On leading and managing . . . Leading and managing are two totally different things and also the nature of my job is, I mean I’m much better on statistics now and data than I ever was, that’s another thing that I had to teach myself to do. It particularly comes into Performance Management, you know, value added. So prior to it, I work it all out for them [staff] and talk about where their value added is and the positive and the negative and you have to be confident when you’re talking to them, but also make them feel at ease with what they’re doing - you just manage it in an hour.
Now that’s because they [staff] know that they’re being measuredby it . . .it’s that data that might be whether they go through [payprogression] or not. They’re not easy conversations or hours tohave with people. . .Their careers, their livelihood, but most importantly the moneythat they earn, could be down to you and I didn’t go into it withthat. I’m not personnel trained as far as that is concerned.it’s up to you whether they [staff] go on to the next [pay] threshold. . . it’s a pay thing and . . . you have these conversations withpeople which are about their targets and the first objective is‘what target you’re going to set’. People are obviously upsetbecause their statistics are affected by the students who are there.
On the students . . . And you’re looking at the whole child and it’s all about building that relationship which has been the ethos of [this] school. Which is very hard to do when I’m also expected to be as a core Head of English to be able to be looking at data, moving the department forward, the school is measured on the English and Maths scores. So I would actually say no, I’m a satisfactory tutor. I think I’ve gone from being a good tutor to a satisfactory one.
Now there are demands put on you about teaching yoursubject. But my personal feeling is to be a good teacher youhave to have a relationship with these children and, andthey want it. They need it. I mean they don’t have to like youbut you have to have the respect, you have to have the timeto build the relationships with them.. . . but maybe we don’t have the time to build thoserelationships because statistics say, data says, target says,the child becomes a number that you have to teach.it’s all about the statistics, their data, their targets as opposed tobuilding the relationship with the child.’. . . You need to be a good teacher, then it is not just thenumber, it’s the whole child. But you have to juggle it.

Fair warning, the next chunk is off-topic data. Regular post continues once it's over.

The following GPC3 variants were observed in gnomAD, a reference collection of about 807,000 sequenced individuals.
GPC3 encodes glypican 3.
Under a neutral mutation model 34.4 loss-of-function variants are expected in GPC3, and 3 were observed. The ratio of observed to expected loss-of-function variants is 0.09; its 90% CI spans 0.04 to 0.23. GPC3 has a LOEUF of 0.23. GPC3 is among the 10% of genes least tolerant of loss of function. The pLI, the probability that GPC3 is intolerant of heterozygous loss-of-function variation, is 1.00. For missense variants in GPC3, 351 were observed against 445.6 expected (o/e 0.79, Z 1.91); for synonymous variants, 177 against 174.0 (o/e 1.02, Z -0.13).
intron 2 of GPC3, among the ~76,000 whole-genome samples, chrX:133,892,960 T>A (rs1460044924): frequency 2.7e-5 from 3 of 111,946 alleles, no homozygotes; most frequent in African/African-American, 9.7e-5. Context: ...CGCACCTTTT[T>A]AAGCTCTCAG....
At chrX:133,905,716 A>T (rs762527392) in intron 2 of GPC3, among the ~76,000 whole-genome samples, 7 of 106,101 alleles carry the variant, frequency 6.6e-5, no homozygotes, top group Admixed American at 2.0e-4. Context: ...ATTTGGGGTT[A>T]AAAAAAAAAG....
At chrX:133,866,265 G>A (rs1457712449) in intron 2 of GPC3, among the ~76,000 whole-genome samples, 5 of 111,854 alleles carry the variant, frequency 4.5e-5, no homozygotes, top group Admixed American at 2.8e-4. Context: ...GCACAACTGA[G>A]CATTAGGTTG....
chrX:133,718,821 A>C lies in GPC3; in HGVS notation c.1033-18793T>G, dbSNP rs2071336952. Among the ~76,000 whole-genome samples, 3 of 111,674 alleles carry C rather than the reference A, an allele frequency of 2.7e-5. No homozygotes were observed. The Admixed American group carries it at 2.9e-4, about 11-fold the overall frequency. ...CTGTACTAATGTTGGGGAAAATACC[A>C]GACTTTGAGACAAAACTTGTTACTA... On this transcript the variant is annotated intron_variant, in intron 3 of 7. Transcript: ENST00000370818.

You have relationships with people in your tutor groupand then you may teach them and there’s nothingbetter than a tutor group and then you teach thatperson in your tutor group. That’s a double whammy,that’s great.My role every week is to make contact, apart from thatjust calling their name, about something, knowingwhat’s going on because that’s how you move studentson, to make every single one of them feel that someonenotices them.
I had an issue - this is an example of an issue. I had someYear 10 and 11 girls, make up, clothes, all of this, so I dealtwith it and I took them to one side to speak to them intutor time on the Thursday. And they reacted very, verybadly to what I said and all sorts of things. And I was quitehurt by it. So what came out? I saw the parents - theirresponse was ‘They don’t feel you care about them anymore. You’re not there for them any more’. And sorelationships that I had built up, I’m not able to build themup in the same way. And I’m not saying that they dislikethe person who takes them for tutor time but they actuallydon’t feel comfortable because the nature of it is you builda long relationship with these students and I, I know that’sgone.